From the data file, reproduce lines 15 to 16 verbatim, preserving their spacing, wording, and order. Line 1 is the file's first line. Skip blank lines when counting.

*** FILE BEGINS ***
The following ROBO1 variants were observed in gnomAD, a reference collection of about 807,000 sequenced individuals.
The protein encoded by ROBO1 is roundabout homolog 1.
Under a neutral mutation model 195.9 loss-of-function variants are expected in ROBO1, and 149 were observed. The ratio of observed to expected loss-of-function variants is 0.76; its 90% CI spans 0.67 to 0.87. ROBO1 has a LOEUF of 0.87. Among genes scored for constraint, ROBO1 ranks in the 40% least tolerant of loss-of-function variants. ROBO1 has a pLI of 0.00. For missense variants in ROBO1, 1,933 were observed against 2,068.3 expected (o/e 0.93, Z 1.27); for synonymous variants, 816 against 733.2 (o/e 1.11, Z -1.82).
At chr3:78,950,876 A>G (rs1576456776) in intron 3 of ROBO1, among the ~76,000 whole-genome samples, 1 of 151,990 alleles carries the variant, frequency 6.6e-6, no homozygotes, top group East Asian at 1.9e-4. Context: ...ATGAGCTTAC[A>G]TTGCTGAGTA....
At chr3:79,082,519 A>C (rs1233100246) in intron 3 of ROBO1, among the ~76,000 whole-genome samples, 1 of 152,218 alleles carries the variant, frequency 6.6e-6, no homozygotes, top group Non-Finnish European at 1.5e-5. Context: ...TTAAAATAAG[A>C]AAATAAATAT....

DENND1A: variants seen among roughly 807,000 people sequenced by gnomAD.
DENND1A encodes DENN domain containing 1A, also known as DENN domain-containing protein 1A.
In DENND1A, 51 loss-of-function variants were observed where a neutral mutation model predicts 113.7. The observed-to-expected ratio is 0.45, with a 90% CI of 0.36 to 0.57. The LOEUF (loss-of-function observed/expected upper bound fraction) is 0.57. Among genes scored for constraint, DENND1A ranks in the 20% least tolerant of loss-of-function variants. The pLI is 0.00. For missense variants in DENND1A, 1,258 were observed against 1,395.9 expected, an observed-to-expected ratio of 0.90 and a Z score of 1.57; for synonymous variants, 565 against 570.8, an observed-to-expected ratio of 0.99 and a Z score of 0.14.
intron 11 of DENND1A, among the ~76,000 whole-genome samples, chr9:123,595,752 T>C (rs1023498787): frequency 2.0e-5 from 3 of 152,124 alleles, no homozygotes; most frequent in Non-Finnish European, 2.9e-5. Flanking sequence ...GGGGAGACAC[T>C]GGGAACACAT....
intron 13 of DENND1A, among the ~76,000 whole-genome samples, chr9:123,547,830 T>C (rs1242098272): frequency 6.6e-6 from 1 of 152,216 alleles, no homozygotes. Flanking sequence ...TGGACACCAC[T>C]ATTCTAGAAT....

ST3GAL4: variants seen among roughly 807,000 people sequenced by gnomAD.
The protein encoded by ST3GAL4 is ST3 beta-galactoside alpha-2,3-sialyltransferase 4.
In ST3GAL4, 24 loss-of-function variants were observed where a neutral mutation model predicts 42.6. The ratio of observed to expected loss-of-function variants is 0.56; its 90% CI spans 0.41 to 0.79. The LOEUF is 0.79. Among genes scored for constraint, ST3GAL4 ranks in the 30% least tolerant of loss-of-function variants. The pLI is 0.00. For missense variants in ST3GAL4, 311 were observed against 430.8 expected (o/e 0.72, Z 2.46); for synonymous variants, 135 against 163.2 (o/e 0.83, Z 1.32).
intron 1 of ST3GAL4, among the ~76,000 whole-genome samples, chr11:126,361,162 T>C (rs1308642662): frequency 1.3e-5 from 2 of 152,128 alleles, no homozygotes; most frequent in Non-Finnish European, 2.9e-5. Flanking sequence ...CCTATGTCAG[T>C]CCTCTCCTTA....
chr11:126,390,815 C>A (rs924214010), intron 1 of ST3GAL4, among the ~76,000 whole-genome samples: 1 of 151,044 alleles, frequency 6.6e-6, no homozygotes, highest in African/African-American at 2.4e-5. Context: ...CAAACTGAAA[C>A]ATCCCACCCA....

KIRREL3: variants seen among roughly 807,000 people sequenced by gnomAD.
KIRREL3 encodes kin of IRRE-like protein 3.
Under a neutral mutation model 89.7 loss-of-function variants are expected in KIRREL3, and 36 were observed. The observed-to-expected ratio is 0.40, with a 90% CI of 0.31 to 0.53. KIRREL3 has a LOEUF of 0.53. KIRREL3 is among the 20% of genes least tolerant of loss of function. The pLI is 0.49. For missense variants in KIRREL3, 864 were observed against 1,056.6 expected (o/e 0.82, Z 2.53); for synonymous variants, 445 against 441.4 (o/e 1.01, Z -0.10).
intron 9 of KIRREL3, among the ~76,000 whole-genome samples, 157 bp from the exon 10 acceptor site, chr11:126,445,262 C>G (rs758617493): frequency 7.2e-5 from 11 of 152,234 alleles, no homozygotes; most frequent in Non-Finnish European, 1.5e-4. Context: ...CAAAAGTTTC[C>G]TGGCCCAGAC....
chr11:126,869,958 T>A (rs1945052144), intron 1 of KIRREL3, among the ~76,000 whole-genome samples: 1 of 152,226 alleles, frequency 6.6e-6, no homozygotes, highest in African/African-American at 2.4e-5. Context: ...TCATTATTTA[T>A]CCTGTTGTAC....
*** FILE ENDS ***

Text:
chr11:126,390,815 C>A (rs924214010), intron 1 of ST3GAL4, among the ~76,000 whole-genome samples: 1 of 151,044 alleles, frequency 6.6e-6, no homozygotes, highest in African/African-American at 2.4e-5. Context: ...CAAACTGAAA[C>A]ATCCCACCCA....

KIRREL3: variants seen among roughly 807,000 people sequenced by gnomAD.